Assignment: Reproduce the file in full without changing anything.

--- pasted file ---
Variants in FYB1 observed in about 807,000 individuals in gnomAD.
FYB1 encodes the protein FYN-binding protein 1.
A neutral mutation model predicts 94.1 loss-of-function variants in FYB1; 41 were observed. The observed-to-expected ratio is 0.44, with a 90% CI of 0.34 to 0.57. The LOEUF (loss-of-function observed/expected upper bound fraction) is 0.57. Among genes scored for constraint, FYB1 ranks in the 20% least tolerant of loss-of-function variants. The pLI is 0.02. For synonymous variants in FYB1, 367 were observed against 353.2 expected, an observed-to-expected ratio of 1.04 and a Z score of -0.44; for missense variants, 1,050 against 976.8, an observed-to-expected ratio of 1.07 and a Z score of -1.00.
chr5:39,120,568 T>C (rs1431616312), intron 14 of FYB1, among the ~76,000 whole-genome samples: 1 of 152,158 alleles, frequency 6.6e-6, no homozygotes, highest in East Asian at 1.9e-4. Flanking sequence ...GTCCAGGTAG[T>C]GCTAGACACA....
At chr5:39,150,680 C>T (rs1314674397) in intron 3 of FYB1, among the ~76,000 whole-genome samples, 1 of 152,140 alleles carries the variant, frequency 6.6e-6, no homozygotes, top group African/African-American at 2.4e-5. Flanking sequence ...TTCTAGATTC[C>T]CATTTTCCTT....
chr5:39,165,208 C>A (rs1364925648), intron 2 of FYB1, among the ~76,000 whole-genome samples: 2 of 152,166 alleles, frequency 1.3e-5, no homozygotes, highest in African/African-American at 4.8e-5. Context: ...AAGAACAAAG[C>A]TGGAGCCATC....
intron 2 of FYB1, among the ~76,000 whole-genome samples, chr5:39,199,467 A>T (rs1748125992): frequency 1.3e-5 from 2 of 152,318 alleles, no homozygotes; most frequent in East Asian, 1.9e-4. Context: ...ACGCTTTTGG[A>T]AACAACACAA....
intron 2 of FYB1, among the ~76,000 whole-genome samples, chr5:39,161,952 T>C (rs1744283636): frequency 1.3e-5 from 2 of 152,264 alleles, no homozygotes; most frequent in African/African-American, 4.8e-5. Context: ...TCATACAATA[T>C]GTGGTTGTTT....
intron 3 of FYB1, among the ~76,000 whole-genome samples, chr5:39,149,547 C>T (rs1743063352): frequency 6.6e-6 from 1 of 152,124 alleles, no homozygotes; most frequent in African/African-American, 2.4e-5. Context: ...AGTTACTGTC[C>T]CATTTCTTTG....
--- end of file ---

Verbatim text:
Variants in FYB1 observed in about 807,000 individuals in gnomAD.
FYB1 encodes the protein FYN-binding protein 1.
A neutral mutation model predicts 94.1 loss-of-function variants in FYB1; 41 were observed. The observed-to-expected ratio is 0.44, with a 90% CI of 0.34 to 0.57. The LOEUF (loss-of-function observed/expected upper bound fraction) is 0.57. Among genes scored for constraint, FYB1 ranks in the 20% least tolerant of loss-of-function variants. The pLI is 0.02. For synonymous variants in FYB1, 367 were observed against 353.2 expected, an observed-to-expected ratio of 1.04 and a Z score of -0.44; for missense variants, 1,050 against 976.8, an observed-to-expected ratio of 1.07 and a Z score of -1.00.
chr5:39,120,568 T>C (rs1431616312), intron 14 of FYB1, among the ~76,000 whole-genome samples: 1 of 152,158 alleles, frequency 6.6e-6, no homozygotes, highest in East Asian at 1.9e-4. Flanking sequence ...GTCCAGGTAG[T>C]GCTAGACACA....
At chr5:39,150,680 C>T (rs1314674397) in intron 3 of FYB1, among the ~76,000 whole-genome samples, 1 of 152,140 alleles carries the variant, frequency 6.6e-6, no homozygotes, top group African/African-American at 2.4e-5. Flanking sequence ...TTCTAGATTC[C>T]CATTTTCCTT....
chr5:39,165,208 C>A (rs1364925648), intron 2 of FYB1, among the ~76,000 whole-genome samples: 2 of 152,166 alleles, frequency 1.3e-5, no homozygotes, highest in African/African-American at 4.8e-5. Context: ...AAGAACAAAG[C>A]TGGAGCCATC....
intron 2 of FYB1, among the ~76,000 whole-genome samples, chr5:39,199,467 A>T (rs1748125992): frequency 1.3e-5 from 2 of 152,318 alleles, no homozygotes; most frequent in East Asian, 1.9e-4. Context: ...ACGCTTTTGG[A>T]AACAACACAA....
intron 2 of FYB1, among the ~76,000 whole-genome samples, chr5:39,161,952 T>C (rs1744283636): frequency 1.3e-5 from 2 of 152,264 alleles, no homozygotes; most frequent in African/African-American, 4.8e-5. Context: ...TCATACAATA[T>C]GTGGTTGTTT....
intron 3 of FYB1, among the ~76,000 whole-genome samples, chr5:39,149,547 C>T (rs1743063352): frequency 6.6e-6 from 1 of 152,124 alleles, no homozygotes; most frequent in African/African-American, 2.4e-5. Context: ...AGTTACTGTC[C>T]CATTTCTTTG....